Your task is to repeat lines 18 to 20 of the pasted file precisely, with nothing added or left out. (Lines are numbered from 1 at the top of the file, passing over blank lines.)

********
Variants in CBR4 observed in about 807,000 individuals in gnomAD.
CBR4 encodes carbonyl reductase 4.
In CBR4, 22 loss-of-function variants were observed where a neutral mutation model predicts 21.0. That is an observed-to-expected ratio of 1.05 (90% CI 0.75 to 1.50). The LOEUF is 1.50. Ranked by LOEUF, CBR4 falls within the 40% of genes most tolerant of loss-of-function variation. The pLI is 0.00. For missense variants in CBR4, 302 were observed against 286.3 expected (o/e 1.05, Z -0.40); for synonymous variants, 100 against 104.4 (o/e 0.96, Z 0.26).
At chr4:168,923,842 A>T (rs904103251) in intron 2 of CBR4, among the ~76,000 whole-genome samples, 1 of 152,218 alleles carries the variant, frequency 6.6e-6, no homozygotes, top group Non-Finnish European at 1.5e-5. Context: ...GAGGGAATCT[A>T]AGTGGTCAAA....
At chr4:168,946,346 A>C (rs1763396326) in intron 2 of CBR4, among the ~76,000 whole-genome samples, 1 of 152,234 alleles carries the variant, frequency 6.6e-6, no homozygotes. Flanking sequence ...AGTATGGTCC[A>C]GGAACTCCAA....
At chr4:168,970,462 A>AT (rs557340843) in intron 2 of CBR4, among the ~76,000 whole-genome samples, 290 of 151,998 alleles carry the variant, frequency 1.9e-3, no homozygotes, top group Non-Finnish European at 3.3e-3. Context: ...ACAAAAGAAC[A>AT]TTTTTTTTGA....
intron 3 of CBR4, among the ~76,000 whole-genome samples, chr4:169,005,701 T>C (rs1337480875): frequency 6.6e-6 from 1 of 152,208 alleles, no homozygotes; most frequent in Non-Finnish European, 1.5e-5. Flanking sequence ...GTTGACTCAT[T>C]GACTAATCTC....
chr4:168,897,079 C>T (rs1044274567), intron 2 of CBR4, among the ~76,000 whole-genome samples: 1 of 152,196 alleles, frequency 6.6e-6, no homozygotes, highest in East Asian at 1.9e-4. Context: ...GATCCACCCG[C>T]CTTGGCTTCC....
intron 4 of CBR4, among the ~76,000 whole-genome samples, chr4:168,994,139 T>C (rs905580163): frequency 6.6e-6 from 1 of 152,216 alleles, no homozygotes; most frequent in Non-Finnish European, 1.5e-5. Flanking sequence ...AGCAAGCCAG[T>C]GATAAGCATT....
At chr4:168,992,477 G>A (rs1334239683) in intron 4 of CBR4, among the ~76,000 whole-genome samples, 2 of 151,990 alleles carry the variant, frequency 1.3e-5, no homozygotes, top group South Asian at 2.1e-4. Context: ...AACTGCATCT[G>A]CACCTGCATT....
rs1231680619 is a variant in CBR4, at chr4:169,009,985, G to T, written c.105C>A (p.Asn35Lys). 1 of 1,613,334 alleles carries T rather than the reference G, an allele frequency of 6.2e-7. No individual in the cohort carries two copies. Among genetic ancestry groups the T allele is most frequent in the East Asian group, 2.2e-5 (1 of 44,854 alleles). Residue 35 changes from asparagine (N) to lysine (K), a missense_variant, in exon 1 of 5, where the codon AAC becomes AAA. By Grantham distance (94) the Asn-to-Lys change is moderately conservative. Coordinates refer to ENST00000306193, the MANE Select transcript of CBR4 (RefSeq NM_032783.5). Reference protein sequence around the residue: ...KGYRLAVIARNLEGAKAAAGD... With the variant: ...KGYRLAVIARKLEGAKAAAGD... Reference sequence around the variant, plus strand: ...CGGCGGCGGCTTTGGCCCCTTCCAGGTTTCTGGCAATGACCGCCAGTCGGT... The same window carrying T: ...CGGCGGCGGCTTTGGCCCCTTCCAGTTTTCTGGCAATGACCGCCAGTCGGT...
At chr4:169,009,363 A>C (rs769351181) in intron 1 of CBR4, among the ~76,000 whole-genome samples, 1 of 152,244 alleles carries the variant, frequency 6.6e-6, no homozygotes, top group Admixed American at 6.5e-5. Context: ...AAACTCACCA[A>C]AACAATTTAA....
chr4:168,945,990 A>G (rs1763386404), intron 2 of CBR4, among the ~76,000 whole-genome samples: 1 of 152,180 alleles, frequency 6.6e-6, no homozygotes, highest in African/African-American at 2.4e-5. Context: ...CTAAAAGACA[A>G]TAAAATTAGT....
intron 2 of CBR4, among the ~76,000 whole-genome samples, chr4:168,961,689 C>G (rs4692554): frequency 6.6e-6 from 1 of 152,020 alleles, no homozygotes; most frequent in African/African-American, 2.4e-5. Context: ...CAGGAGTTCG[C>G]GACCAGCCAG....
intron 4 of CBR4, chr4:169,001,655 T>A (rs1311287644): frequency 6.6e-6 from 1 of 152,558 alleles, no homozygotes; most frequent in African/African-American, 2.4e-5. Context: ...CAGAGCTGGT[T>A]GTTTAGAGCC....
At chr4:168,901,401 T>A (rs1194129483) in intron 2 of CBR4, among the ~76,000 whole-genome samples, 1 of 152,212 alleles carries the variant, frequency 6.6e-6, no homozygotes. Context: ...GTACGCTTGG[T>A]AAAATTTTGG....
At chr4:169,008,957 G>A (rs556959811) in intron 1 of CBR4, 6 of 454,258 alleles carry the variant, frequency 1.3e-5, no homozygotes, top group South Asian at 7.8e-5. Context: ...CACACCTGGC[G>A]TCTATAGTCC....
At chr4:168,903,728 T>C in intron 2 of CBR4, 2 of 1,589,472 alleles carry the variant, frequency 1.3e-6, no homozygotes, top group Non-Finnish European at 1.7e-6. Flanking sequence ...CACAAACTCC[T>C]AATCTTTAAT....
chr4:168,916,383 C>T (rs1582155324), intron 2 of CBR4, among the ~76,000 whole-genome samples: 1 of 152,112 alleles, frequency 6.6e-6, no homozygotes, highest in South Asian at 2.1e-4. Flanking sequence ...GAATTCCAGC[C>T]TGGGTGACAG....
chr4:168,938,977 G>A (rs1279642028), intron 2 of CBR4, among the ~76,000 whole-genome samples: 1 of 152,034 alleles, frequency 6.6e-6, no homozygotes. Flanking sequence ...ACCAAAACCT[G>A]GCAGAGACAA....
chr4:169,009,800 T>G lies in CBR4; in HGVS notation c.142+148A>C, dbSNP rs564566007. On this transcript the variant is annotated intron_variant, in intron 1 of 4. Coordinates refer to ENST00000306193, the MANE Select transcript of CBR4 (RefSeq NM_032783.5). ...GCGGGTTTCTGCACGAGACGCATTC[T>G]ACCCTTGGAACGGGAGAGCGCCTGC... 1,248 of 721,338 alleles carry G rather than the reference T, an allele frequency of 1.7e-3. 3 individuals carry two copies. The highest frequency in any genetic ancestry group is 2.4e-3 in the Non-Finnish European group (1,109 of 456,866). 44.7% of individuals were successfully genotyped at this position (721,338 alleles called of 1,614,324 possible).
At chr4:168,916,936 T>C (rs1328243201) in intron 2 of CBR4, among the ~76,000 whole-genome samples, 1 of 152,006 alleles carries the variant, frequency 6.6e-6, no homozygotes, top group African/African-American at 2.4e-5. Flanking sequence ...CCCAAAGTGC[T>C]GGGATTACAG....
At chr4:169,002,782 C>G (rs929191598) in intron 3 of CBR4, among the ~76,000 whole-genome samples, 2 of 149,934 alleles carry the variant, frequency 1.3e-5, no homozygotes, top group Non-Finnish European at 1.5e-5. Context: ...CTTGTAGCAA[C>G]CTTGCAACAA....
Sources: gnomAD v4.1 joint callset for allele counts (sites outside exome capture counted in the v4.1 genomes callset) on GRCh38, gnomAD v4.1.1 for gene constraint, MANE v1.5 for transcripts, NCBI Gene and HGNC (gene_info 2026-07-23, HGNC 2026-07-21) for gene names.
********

At chr4:168,903,728 T>C in intron 2 of CBR4, 2 of 1,589,472 alleles carry the variant, frequency 1.3e-6, no homozygotes, top group Non-Finnish European at 1.7e-6. Flanking sequence ...CACAAACTCC[T>C]AATCTTTAAT....
chr4:168,916,383 C>T (rs1582155324), intron 2 of CBR4, among the ~76,000 whole-genome samples: 1 of 152,112 alleles, frequency 6.6e-6, no homozygotes, highest in South Asian at 2.1e-4. Flanking sequence ...GAATTCCAGC[C>T]TGGGTGACAG....
chr4:168,938,977 G>A (rs1279642028), intron 2 of CBR4, among the ~76,000 whole-genome samples: 1 of 152,034 alleles, frequency 6.6e-6, no homozygotes. Flanking sequence ...ACCAAAACCT[G>A]GCAGAGACAA....